Commission Context

Why the law matters

Nearly 37 million people are living with HIV, 2.1 million became newly infected in 2015, and 35 million have died since the start of the epidemic. The legal environment—laws, enforcement and justice systems—has immense potential to better the lives of HIV-positive people and to help turn the crisis around. Law prohibits or permits specific behaviours, and in so doing, it shapes politics, economics and society. International law and treaties that protect equality of access to health care and prohibit discrimination— including that based on health or legal status— underpin the salutary power of national laws.

GLOBAL AIDS UPDATE | UNAIDS 2016:


36.7 MILLION PEOPLE LIVING WITH HIV
1.9 MILLION ADULTS INFECTED WITH HIV EVERY YEAR SINCE 2010
43 PERCENT REDUCTION IN ANNUAL AIDS-RELATED DEATHS SINCE 2003
46 PERCENT OF ALL PEOPLE LIVING WITH HIV HAVE ACCESS TO TREATMENT

THE AIDS PARADOX

Community Context

How laws impact communities

Globally, new infections among key populations and their sexual partners accounted for 36% of all new HIV infections in 2015. Criminalization and stigmatization of same-sex relationships, cross-dressing, sex work and drug possession and use block access to HIV prevention services and increases risky behaviours. Homophobia drives gay men and other men who have sex with men away from HIV testing and HIV prevention activities and is associated with lower adherence to treatment. Women in key populations face specific challenges and barriers, including violence and violations of their human rights.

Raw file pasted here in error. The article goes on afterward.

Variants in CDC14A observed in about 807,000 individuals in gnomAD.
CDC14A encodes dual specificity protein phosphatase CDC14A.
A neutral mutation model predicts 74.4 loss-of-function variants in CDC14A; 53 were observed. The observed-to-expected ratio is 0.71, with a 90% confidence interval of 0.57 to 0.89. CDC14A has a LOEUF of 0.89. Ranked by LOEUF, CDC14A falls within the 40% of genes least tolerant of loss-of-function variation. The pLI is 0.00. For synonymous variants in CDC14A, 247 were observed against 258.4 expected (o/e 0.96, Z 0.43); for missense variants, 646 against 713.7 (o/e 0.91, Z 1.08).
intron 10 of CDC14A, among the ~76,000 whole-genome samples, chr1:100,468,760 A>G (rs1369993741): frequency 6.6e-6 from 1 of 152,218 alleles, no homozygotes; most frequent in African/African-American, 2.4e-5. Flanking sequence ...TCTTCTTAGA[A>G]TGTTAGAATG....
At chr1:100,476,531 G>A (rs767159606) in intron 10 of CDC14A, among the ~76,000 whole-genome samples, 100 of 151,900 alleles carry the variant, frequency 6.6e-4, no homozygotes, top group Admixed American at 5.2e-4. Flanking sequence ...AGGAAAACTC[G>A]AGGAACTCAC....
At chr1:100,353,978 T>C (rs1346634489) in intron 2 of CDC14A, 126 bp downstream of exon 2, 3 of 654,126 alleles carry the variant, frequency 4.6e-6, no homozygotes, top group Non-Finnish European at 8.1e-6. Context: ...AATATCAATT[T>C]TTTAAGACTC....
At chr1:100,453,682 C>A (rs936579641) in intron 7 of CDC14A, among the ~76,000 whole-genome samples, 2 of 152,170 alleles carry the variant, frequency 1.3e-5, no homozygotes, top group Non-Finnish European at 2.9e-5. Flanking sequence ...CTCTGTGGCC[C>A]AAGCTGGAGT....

% Distribution of new HIV infections by population, global, 2014

  • Sex workers
  • People who inject drugs
  • Gay men and other men who have sex with men
  • Transgender people
  • Clients of sex workers and other sexual partners of key populations
  • Rest of population

Our perspective

Many would say that the law can be complex and challenging and is best left alone. Our experience during this Commission has shown us a very different perspective. We have been encouraged by how frank and constructive dialogue on controversial issues can sometimes quickly lead to progressive law reform, the effective defence of legislation or better enforcement of existing laws. Even in environments where formal legal change is a slow and arduous process, we have witnessed countries taking action to strengthen access to justice and challenge stigma and discrimination. -Fernando Henrique Cardoso Chair, Global Commission on HIV and the Law